It is no great revelation that money is harder to come by than ever; and those who depend on grant funds know that many of the programs they have relied on have disappeared, have had funding reduced, or had funding eliminated altogether. As a result, projects have been postponed, programs scaled back, and in many cases, services have been suspended. As I have said in previous articles, while cutbacks are necessary in lean times, efforts should also be made to increase revenues where possible. One source that should be considered is the pool of smaller grants, which are often overlooked by organizations that feel they are not worth the trouble. If you have shrugged off this source in the past, let me suggest that you take another look to see if one or more smaller grants could help you meet some of your goals.

Some of the programs that I have applied to on behalf of clients, or made my clients aware of, include Bank of America’s Local Heroes program, which makes grants of $5,000 available to the favorite charities of individuals nominated and selected as Local Heroes in their communities. Another source I have made clients aware of is the American Academy of Dermatology, which makes grants of $8,000 available for constructing shade structures over playgrounds. And Home Depot has a program that awards $5,000 in the form of Home Depot gift cards to successful applicants. None of these awards would be considered windfalls by most, but each could make a real difference to an organization in need of funding for a specific smaller project.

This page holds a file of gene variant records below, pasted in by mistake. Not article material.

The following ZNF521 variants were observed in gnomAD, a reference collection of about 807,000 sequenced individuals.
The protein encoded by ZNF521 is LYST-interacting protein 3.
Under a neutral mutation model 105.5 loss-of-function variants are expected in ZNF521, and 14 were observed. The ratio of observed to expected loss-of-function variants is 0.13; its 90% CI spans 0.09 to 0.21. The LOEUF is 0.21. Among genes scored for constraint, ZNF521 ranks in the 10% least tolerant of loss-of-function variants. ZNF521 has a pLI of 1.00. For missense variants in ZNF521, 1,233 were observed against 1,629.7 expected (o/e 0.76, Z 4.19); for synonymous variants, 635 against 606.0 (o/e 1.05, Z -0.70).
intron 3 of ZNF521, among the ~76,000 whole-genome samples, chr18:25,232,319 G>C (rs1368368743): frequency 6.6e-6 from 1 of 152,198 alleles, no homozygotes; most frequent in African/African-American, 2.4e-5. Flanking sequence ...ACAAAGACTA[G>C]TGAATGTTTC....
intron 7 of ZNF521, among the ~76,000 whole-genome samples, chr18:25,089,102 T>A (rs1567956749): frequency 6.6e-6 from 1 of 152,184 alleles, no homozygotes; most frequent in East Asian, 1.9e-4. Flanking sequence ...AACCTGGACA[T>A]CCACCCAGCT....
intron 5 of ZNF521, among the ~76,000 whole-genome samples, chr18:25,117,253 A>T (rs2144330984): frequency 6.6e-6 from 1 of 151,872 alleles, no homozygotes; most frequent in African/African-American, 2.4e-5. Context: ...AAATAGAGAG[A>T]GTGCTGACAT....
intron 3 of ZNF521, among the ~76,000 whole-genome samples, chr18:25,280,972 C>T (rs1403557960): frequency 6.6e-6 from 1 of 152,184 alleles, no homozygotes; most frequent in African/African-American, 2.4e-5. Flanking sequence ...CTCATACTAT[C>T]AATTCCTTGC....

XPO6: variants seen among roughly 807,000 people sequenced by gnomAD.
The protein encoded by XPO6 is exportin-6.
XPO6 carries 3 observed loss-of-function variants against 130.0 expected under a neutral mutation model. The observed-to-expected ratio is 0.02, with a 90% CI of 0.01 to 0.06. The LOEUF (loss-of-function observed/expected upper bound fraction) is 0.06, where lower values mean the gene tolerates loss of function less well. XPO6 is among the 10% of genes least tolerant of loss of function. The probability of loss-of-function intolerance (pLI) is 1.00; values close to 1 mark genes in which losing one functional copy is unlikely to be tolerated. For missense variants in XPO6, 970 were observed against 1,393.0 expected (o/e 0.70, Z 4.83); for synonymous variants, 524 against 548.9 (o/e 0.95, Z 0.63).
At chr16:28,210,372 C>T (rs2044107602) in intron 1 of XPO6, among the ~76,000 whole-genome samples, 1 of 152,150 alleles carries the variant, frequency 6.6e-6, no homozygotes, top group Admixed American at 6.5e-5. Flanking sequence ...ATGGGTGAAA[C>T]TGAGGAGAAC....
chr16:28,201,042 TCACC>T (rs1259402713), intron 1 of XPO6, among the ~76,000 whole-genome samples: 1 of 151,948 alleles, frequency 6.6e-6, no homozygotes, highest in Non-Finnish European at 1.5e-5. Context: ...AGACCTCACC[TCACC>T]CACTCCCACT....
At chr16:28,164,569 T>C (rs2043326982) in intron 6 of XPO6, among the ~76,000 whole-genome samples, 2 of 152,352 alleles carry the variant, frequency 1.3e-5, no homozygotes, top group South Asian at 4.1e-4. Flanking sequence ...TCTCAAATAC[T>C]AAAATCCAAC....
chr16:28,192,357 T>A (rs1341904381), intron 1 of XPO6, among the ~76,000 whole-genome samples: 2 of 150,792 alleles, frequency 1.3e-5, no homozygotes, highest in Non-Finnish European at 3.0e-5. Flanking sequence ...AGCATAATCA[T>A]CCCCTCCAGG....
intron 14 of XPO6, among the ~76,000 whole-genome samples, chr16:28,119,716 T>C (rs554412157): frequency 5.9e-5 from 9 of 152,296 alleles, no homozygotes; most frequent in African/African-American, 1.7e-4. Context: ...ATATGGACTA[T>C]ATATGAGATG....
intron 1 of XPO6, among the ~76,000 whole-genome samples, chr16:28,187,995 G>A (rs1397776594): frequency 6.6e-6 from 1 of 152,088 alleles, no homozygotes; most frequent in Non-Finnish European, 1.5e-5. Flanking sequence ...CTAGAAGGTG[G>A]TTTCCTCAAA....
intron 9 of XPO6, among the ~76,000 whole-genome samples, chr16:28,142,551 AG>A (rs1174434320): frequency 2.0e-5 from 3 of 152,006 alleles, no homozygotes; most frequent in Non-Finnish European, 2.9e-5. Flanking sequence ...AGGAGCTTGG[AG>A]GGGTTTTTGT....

Why are small grant programs worth a second look? To start with, in many cases there are more of them available because the funders, usually corporations or corporations’ charitable foundations, can spread more money around by making smaller grants. If yours is a smaller organization, with little or no grant experience, small programs can be a great way to get exposure to the grant process, from application to administration; and the successful completion of a small grant project can help you establish a track record that may be useful at some future time to show a large funder that you can accomplish a grantor’s goals if awarded funds. Another benefit is that the application process for smaller grant programs is often not as complex as most of the larger programs (this is an opportune juncture to point out that, for this reason, Public Management & Funding Services charges very little to apply for small grants!); and the reporting and administration of the smaller grants is not terribly difficult. And, as noted before, small grants can be valuable in the accomplishment of many of the goals of smaller organizations, or even some of the smaller goals of large organizations.

In the quest for funds, I believe that some money is always better than no money. If you have a project that you believe might be helped along with a small grant, I hope you’ll give me a call. I would be happy to see if there is a program that we could match to your goal.